'Downton Abbey' and Sympathy for the Rich

James Fenton’s highly enjoyable attack on “Downton Abbey” is… highly enjoyable. He may be largely right, that the soap opera has churches composed of the wrong stones and that certain behaviors are… at least improbable. (Also, sure, we all know the “burn victim” mini-plot was an episode of scripting derangement.) But Fenton’s Englishness makes obscure to him the American love of the show, and so he goes far astray in his central criticism.

Here’s where he’s so very wrong:

I mention this apparently gratuitous detail in order to underline the central point of Downton Abbey. The (fictional) Earl of Grantham has three daughters, none of whom can inherit either the title or the estate or — a detail that may seem recondite — the fortune their American mother (played by Elizabeth McGovern) brought with her when, like Consuelo Vanderbilt, she rescued the said abbey and its impecunious family years back. The American money has been “contractually incorporated into the comital entail in perpetuity.” This entail “endows both title and estate exclusively to heirs male.”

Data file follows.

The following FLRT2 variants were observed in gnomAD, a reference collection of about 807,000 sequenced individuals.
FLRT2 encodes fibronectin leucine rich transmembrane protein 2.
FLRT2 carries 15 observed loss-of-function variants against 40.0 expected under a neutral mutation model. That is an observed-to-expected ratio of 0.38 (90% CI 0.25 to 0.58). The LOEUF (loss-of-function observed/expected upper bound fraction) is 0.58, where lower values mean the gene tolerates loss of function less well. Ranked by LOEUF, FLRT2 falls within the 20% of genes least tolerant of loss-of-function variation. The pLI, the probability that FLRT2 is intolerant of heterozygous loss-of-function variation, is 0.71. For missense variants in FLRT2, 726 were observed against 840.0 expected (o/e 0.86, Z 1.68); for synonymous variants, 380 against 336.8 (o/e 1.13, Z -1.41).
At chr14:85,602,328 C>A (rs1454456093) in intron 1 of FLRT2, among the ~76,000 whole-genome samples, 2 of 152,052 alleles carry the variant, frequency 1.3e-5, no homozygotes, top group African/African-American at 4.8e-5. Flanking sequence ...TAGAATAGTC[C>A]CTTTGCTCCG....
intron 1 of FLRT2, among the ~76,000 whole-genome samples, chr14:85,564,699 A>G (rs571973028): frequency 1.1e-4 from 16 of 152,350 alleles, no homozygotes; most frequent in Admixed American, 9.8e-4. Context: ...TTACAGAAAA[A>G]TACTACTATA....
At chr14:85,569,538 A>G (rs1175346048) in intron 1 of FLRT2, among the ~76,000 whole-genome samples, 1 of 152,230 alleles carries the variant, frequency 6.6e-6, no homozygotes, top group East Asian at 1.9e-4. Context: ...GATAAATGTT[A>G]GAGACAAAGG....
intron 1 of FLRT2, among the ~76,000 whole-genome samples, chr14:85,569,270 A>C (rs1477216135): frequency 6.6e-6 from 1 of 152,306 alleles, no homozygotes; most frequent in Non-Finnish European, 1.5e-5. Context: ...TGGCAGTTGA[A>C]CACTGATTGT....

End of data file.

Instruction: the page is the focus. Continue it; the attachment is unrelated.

To most people this kind of legal technicality may belong to a remote world. But we may suspect that when the Kitchener-Felloweses sit down to dinner, this theme of injustice (the couple thwarted of any prospect of the Khartoum title) won’t go away. And if you feel from time to time that the television series is attempting to enlist your sympathy for a cause that, in your own life, might rank as a low priority (the perpetuation of a gigantic nineteenth-century house and estate) — that is indeed the case.

There could be no greater misunderstanding of the American experience of this, at least. (Those forced to reside in England may relate differently; the English have a class-consciousness and resentment that, in America, we stifle with our inherent belief that we are all rich, or at least, are about to be.) But nothing raises an American hackle like inheritance, estate taxes, wills and family squabbles over family legacy. Americans want nothing more than to keep money in the family, even if they don’t have any. And Americans, at least, naturally and even thoughtlessly identify with the inheritance plot, not least because of the estate being propped up by the American investment of capital via marriage. This is even while Americans retain a reflexive dislike of the rich, of course. We’re a complicated and nuanced people! Or stupid. Hard to say.